Huang and Trowbridge have published research on using school architecture to promote healthy eating.
"The guidelines are quite comprehensive," said Huang, who is the director of health promotion in the College of Public Health at the University of Nebraska Medical Center.
However, he said, even existing schools can adopt some of the practices.
"There are many elements that any school can learn from," said Huang, who did this research while at the National Institutes of Health.
Those elements include "simple things like placing fruit in a beautiful bowl next to the cashier, instead of chips," he said. "Research has shown that this increases the likelihood that students will actually pick a fruit."
In Buckingham, an ethnically diverse district where 60 percent of the students receive free or reduced-price lunches, the changes go far beyond just the cafeteria and food choices.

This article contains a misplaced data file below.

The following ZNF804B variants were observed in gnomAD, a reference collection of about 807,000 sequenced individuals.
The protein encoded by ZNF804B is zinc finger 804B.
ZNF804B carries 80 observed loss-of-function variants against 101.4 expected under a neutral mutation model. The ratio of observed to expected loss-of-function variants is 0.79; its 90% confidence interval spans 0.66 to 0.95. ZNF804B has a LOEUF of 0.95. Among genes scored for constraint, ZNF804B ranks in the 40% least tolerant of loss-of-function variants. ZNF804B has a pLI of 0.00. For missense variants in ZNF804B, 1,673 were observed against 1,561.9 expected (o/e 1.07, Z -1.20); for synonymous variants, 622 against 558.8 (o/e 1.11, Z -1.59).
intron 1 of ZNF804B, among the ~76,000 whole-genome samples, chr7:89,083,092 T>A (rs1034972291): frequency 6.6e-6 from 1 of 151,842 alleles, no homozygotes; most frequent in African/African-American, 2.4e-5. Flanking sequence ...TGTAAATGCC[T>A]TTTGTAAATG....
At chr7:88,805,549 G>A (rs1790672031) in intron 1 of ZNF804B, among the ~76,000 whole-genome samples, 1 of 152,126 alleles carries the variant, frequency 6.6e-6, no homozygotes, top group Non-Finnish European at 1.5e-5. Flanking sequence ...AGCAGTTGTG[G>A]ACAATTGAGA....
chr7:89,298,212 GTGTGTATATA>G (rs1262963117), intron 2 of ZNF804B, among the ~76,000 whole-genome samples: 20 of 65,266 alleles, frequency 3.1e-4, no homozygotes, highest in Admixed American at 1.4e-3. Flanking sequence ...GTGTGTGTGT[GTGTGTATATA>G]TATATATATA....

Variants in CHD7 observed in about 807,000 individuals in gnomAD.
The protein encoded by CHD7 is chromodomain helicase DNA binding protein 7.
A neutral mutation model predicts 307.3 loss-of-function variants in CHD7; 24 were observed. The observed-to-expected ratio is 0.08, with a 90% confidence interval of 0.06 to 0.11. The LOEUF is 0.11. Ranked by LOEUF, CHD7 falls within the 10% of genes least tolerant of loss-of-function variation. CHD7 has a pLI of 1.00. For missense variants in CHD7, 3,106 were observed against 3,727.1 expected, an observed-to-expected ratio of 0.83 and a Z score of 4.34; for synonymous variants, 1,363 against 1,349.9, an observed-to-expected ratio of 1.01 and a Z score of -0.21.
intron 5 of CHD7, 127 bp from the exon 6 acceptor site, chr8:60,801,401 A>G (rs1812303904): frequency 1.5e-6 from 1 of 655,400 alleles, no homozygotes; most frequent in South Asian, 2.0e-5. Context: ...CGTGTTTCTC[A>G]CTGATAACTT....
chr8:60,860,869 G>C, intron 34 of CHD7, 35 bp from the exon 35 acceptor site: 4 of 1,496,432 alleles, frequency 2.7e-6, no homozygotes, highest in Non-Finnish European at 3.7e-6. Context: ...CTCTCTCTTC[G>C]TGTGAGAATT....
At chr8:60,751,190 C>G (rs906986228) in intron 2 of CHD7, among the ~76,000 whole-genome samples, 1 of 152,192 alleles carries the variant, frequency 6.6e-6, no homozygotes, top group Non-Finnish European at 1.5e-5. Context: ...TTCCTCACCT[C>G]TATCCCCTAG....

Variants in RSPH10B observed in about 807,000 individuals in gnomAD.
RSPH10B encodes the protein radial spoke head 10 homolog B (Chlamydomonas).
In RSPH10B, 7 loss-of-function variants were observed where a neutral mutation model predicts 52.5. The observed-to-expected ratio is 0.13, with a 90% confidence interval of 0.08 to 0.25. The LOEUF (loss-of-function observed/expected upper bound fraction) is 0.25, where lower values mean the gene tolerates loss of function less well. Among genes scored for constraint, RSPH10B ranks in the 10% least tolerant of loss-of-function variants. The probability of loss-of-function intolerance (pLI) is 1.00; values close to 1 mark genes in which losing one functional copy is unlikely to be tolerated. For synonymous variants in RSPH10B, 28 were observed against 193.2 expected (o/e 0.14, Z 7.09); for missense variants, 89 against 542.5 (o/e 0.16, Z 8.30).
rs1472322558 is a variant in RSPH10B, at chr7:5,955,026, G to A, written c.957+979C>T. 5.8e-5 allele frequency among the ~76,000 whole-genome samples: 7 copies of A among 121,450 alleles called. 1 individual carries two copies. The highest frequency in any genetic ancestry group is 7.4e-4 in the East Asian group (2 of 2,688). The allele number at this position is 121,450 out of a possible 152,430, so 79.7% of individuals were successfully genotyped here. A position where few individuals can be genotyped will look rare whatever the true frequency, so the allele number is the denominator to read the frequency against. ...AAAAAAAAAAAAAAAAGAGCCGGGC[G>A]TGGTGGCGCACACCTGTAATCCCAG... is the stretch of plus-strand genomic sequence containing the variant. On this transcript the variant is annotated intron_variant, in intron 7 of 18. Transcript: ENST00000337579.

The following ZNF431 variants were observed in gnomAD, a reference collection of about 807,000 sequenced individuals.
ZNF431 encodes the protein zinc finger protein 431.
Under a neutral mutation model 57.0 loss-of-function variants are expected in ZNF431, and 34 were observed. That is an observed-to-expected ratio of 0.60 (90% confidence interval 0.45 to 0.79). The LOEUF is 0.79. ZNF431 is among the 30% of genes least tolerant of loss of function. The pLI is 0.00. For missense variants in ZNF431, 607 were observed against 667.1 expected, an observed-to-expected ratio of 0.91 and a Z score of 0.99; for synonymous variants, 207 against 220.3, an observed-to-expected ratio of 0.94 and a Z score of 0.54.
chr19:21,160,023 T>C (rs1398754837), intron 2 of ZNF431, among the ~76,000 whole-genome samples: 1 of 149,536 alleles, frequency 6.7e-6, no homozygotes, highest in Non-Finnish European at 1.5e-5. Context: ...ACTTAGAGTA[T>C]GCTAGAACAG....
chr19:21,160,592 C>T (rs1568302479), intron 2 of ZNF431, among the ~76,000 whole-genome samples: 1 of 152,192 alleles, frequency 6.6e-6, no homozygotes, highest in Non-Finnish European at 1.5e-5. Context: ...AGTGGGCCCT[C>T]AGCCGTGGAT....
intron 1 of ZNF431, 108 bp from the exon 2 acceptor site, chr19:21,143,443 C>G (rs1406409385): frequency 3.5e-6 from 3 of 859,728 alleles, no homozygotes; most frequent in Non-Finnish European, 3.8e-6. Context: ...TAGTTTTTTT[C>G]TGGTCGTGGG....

The school has two levels, with beautiful stairs that lure kids to climb them. It even has cutting-edge chairs that allow kids to move.
"Our chairs are made to wiggle", said Principal Allen. "The regular student chairs just move, they have some give in them."
Fourth grader Durwin Westbrook said he liked the new school, including the cafeteria.
"I can sit anywhere I want at the table," he said.
Kindergartener Elly Abruzzo also found something to like.
"I get to watch them cook," she told ABC News.
Those behind this innovative school are gathering data to try to quantify the influence of the school building on activity levels and eating habits. There are no formal results yet, but the architectural project designer believes they've already succeeded on many levels.
VMDO's Dina Sorensen said the kids don't want to go home at the end of the school day.
"Just seeing how joyful the kids are in that space has been really rewarding," Sorensen said.